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Author: Andress Barajas


This guide will focus on KOS's Virtual Filesystem (VFS). It helps to understand KOS's filesystem structure before starting any project. KOS has several mount points:

Dir Read Write Description
/cd Contains files that exist on the CD that is currently in the Dreamcast.
/pc The directory that links back to your computer if your Dreamcast is somehow linked to your computer (i.e. serial cable, BBA/LA)
/vmu Contains all the VMUs that are currently plugged in.
/ram Contains files that have been attached to the ramdisk.
/rd Contains the contents of the romdisk that was statically linked with the executable.
/pty NA NA This directory implements a pseudo-terminal filesystem (like Linux's /dev/pty).
/sd This directory appears when you successfully mount the SD card to /sd.

Helper Functions

Before we go into more detail about each directory listed in the table above, let's get acquainted with the helper functions that will make your job easier when dealing with KOS's virtual filesystem.

ssize_t fs_copy(const char *src, const char *dst)

The fs_copy() function copies the file at src to dst on the filesystem and returns the size of the file. You must be able to write to the dst base directory. You would mainly use this to cache files from /cd to /ram.

ssize_t fs_load(const char *src, void **out_ptr)

The fs_load() function opens and reads a whole file into RAM. It returns the size of the data and out_ptr points to the data in RAM.

ssize_t fs_path_append(char *dst, const char *src, size_t len)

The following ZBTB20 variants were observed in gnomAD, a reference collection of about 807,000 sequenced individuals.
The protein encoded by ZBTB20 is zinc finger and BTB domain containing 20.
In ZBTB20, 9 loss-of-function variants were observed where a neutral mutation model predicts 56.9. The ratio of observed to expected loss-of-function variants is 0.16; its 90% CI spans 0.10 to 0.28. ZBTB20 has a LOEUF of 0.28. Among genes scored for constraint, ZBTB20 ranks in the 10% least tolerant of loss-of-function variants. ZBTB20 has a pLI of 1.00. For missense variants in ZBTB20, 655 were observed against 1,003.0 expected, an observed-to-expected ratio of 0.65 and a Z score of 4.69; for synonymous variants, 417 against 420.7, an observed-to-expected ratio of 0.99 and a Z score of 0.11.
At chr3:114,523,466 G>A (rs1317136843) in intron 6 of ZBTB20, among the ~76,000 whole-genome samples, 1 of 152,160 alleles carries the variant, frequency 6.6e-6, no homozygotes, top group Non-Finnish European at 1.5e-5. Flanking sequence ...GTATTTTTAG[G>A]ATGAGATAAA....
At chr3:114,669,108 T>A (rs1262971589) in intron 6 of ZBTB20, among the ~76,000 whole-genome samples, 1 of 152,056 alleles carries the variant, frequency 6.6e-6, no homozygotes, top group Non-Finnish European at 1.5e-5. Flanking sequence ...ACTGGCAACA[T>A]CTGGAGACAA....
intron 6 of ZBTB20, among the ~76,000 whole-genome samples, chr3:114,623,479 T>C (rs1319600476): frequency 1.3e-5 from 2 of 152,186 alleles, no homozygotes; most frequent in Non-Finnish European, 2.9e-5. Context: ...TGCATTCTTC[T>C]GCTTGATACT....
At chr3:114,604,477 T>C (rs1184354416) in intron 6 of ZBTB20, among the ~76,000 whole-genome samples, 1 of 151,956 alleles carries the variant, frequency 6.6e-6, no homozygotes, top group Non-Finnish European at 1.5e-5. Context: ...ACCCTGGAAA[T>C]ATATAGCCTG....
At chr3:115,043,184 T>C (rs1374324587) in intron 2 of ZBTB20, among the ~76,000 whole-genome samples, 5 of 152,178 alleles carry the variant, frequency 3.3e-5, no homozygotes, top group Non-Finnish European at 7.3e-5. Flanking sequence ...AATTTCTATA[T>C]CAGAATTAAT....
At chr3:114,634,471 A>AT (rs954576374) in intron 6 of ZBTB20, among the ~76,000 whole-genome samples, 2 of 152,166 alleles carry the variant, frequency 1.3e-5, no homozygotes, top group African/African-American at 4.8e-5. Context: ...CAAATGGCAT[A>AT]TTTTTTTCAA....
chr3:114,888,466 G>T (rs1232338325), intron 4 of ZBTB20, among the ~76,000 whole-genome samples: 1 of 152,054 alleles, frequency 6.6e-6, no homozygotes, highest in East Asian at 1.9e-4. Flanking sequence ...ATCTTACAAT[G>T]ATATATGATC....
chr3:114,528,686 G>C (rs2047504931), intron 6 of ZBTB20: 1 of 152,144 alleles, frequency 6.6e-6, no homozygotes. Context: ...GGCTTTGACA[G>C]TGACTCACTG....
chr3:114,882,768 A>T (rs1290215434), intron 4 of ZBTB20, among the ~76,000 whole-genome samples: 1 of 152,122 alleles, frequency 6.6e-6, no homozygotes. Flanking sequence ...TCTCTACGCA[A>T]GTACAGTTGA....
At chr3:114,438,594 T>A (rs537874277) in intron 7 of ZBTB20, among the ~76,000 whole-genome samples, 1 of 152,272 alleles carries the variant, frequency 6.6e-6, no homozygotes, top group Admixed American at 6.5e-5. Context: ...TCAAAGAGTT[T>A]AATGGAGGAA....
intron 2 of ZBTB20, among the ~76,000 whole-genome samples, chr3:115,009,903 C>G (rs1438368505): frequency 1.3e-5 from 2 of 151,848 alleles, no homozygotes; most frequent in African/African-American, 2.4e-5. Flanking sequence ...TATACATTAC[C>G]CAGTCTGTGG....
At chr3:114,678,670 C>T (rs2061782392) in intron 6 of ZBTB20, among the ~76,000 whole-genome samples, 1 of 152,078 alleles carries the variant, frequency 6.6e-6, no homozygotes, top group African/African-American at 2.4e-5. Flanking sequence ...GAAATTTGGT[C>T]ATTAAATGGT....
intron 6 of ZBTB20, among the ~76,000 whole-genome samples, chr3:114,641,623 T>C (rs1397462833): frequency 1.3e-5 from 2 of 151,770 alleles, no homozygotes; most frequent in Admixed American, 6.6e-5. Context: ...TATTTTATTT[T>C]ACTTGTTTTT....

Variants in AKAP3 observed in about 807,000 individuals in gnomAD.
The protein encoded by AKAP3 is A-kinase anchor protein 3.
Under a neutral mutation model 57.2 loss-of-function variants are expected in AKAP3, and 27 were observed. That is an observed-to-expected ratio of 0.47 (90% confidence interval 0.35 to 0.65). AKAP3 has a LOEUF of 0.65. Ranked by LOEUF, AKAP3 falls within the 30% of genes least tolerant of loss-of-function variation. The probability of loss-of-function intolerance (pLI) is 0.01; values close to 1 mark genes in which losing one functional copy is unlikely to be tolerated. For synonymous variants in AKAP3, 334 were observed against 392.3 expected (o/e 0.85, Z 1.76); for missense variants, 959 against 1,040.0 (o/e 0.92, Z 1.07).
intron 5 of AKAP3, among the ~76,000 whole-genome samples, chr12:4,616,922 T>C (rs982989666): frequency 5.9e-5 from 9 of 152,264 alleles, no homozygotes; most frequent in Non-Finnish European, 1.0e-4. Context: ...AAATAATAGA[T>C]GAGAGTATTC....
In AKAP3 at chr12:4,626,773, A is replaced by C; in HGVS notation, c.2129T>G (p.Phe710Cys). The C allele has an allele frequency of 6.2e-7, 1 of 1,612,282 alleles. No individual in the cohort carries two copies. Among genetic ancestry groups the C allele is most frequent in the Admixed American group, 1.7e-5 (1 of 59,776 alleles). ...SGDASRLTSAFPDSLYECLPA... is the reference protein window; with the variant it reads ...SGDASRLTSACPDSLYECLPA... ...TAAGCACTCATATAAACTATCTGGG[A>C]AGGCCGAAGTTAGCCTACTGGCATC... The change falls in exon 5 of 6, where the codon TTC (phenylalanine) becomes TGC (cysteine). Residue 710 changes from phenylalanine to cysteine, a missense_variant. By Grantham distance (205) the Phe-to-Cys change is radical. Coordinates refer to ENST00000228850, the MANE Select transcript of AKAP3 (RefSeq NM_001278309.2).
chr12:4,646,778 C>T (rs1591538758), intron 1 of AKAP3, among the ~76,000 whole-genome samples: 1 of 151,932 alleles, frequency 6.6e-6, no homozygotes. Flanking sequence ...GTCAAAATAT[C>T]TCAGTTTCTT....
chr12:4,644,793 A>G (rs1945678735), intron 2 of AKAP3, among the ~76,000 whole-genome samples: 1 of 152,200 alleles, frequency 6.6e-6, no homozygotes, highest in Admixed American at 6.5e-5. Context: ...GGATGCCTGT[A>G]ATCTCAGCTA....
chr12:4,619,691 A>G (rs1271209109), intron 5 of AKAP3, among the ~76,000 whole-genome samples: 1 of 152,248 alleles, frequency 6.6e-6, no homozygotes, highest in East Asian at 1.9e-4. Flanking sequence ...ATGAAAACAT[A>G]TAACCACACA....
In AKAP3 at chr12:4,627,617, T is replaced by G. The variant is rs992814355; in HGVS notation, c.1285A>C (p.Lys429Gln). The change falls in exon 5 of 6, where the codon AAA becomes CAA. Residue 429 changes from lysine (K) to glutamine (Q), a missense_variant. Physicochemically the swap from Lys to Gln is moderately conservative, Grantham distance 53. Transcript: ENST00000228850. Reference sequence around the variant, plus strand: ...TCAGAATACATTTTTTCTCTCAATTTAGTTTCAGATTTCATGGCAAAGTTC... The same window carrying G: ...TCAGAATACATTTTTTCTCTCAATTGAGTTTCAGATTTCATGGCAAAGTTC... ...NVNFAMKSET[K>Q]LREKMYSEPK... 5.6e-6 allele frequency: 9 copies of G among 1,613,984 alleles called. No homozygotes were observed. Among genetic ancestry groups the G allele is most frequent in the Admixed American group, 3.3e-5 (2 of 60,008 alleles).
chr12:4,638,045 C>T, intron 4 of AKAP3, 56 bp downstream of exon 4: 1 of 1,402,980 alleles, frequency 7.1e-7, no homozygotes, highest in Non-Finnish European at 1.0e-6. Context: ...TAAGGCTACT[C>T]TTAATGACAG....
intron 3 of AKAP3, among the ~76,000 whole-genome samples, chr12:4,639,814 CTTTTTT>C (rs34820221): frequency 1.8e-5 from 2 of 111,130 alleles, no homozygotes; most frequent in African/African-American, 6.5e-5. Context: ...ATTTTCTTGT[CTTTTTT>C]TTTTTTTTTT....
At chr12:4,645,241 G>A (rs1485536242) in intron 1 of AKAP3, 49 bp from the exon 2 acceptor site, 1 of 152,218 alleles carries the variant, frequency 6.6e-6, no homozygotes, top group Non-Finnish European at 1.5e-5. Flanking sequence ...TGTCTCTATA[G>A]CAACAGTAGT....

The fs_path_append() function acts mostly like the function strncat(), with a few slight differences. When appending a path, this funcion inserts a '/' character if one doesn't already exist between dst and src. It returns the length of the new string (including the NUL terminator). len is the size of the dst buffer. It is used to make sure we stay in bounds of the dst buffer when appending a path.


This directory contains all the files that exist on the CD. You can have a max of 8 files in /cd open at one time.

One thing to keep in mind when constructing a self bootable CD is that the location of a file on the CD affects the reading speeds of that file. This is because the GDROM in the Dreamcast works in constant angular velocity (CAV) mode. So files that exist on the outer sections of the CD are read faster (12x @ ~2 MB/sec) than the inner sections of the CD. Add a dummy file named "0.0" to push data to edge of the disk for faster reads.


This directory links back to your computer if your Dreamcast is somehow linked to your computer (i.e. serial cable, BBA/LA). This directory is available when using DC-Load/DC-Tool combo to upload software to the Sega Dreamcast. By default, /pc points to the root directory of your computer. Root being:

  • C:// on Windows
  • Macintosh HD on Mac

To change the directory /pc points to, you can use the -c option in DC-Tool like so:

dc-tool-ip -t <IP Address> -c /path/to/mount/pc -x game.elf

You must be a super user. For Windows, run as administrator. For Mac users, use the sudo command (sudo dc-tool-ip -t.. etc).


This directory contains folders representing VMUs with the letternumber naming convention. The letter stands for which port the controller that the VMU is plugged into (a,b,c, or d) and the number stands for which slot the VMU is in (1 or 2).

Port a Port b Port c Port d
Slot 1 a1 b1 c1 d1
Slot 2 a2 b2 c2 d2

Inside these folders are game saves, VMU games, etc. Creating/Saving files to the VMU require special file headers that are covered in another tutorial. However, you can easily create a backup of your VMU files using fs_copy() and saving it to /pc or /sd.


You only have one ramdisk available, and it's mounted on /ram. This directory is where you can cache many single files from the CD for faster reading access later on. Remember that each file you attach eats up RAM so be sure to detach any files you are not using. You can have a max of 8 files in /ram open at one time.